THE FREE LUNCH lives again--if you believe the tax breaks proposed by D.C. Council Member John Wilson for residential property owners. Mr. Wilson, who sort of seeks higher office every once in a while, has a special discount for the 1982 political season: reductions of up to 18 percent in residential property tax bills, along with a six percent cut for commercial property, a 50 percent tax break for cial businesses to encourage the hiring of D.C. residents.
There may be one slight problem with all these charitable proposals--the matter of what the city will use to pay its bills. Tax officials suggest that Mr. Wilson's reductions would have cost the city $20 million had they been in effect this year, and would cost substantially more next year, when he would like to see the changes go into effect. Add to his earlier proposal to cut the business franchise tax, and there's another $20 million that would be missing.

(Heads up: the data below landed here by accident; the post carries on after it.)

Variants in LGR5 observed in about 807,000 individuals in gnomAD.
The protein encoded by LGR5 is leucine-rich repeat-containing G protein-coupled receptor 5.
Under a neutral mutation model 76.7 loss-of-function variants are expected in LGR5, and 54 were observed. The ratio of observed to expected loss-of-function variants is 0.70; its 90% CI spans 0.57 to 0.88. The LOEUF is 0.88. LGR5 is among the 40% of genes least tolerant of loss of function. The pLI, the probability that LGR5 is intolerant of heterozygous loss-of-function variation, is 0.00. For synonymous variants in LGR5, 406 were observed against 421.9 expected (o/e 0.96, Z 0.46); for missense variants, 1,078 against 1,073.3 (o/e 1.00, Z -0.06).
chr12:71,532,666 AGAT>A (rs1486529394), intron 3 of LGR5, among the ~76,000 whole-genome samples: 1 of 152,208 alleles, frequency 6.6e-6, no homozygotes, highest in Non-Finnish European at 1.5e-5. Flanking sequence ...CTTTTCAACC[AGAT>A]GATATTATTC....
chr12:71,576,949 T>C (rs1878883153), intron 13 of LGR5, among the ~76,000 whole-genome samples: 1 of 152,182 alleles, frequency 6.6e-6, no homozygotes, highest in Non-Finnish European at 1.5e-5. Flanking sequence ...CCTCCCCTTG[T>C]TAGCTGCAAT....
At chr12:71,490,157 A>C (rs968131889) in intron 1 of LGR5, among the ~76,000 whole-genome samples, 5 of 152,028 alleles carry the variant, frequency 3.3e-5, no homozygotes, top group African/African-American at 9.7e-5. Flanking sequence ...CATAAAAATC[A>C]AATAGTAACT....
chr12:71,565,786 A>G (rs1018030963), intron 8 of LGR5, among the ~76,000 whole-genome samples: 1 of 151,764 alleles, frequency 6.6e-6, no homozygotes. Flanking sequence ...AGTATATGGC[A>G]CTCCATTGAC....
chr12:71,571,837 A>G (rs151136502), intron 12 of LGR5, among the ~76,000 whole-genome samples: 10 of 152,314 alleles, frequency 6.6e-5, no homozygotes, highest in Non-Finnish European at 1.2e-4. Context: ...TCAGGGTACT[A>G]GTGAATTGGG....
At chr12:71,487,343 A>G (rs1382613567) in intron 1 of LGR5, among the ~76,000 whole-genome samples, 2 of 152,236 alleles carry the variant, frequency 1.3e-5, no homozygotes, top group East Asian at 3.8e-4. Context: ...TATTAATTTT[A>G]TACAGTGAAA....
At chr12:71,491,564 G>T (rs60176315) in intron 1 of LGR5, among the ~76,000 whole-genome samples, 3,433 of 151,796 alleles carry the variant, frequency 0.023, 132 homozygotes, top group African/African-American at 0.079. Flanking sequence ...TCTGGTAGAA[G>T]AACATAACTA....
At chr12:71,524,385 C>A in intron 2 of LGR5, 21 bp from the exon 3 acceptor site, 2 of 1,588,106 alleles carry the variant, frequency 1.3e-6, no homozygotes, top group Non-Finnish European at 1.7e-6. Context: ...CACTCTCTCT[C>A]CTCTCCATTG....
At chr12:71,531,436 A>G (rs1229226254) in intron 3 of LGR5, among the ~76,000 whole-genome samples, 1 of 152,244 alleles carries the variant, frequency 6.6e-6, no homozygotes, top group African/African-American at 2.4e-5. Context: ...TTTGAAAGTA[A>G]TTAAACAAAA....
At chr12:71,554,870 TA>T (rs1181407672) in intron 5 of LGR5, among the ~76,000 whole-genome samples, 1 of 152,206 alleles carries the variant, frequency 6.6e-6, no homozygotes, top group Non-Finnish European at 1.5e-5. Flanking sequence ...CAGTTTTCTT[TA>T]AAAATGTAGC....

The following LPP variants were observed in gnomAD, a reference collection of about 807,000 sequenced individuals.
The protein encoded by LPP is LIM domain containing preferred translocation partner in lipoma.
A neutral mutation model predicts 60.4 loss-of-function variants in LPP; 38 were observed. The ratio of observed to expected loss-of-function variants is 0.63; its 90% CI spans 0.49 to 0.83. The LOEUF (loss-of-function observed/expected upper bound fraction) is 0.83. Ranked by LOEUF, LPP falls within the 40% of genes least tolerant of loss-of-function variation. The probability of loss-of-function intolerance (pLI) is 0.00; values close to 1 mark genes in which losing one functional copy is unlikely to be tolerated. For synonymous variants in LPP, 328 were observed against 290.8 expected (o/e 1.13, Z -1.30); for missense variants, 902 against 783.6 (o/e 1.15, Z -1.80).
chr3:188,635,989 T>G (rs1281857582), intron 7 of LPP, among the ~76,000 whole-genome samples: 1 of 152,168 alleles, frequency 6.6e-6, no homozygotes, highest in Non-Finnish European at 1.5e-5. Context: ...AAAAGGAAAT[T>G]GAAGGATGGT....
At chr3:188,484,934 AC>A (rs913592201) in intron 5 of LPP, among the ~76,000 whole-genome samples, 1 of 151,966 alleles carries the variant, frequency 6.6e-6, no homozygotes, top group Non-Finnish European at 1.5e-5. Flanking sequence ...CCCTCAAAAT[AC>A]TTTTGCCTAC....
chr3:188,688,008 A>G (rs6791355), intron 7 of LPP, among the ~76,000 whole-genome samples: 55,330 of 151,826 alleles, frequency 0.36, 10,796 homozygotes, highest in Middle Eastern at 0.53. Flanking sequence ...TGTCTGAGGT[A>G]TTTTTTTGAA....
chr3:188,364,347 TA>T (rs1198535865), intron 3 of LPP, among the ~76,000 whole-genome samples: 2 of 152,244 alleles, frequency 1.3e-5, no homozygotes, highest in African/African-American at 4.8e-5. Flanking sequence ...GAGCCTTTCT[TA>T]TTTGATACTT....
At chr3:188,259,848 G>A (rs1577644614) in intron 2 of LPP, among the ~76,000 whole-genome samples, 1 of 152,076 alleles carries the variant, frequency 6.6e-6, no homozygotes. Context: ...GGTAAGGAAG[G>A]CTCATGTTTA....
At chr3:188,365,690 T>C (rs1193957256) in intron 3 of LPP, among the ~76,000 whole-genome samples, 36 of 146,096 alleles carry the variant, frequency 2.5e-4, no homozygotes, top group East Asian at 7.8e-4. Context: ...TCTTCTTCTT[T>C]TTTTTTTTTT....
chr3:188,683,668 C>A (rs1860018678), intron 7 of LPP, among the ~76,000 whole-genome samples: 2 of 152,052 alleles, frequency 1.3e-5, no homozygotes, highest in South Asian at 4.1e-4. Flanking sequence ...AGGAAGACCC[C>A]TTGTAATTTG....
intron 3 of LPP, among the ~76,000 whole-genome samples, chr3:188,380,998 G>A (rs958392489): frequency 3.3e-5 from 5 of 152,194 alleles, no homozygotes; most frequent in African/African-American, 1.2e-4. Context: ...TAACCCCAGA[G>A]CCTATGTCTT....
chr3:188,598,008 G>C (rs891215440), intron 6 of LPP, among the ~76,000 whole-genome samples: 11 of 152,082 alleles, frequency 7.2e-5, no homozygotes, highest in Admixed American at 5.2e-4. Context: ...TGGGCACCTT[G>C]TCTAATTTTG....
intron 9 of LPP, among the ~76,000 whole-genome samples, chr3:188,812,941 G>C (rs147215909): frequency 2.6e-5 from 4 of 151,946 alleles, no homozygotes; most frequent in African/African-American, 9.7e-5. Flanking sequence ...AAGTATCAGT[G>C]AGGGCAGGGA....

So what would Mr. Wilson do about the lost revenue and the effect on city services? He replied the other day that he didn't know how much his proposals might cost the city in lost revenues and--get this--had not tried to find out because running the city is not the responsibility of the council. "I wasn't interested," he said, adding that the obligation of the mayor "is to run the city with whatever revenues the legislature levies."
Well, that's separation of powers for you--and if Mr. Wilson ever were to wind up in the mayor's chair, presumably he would fulfill his self-imposed obligation to make do with whatever allowance a council might fork out. But as you can conclude about his program itself, no one should count on it.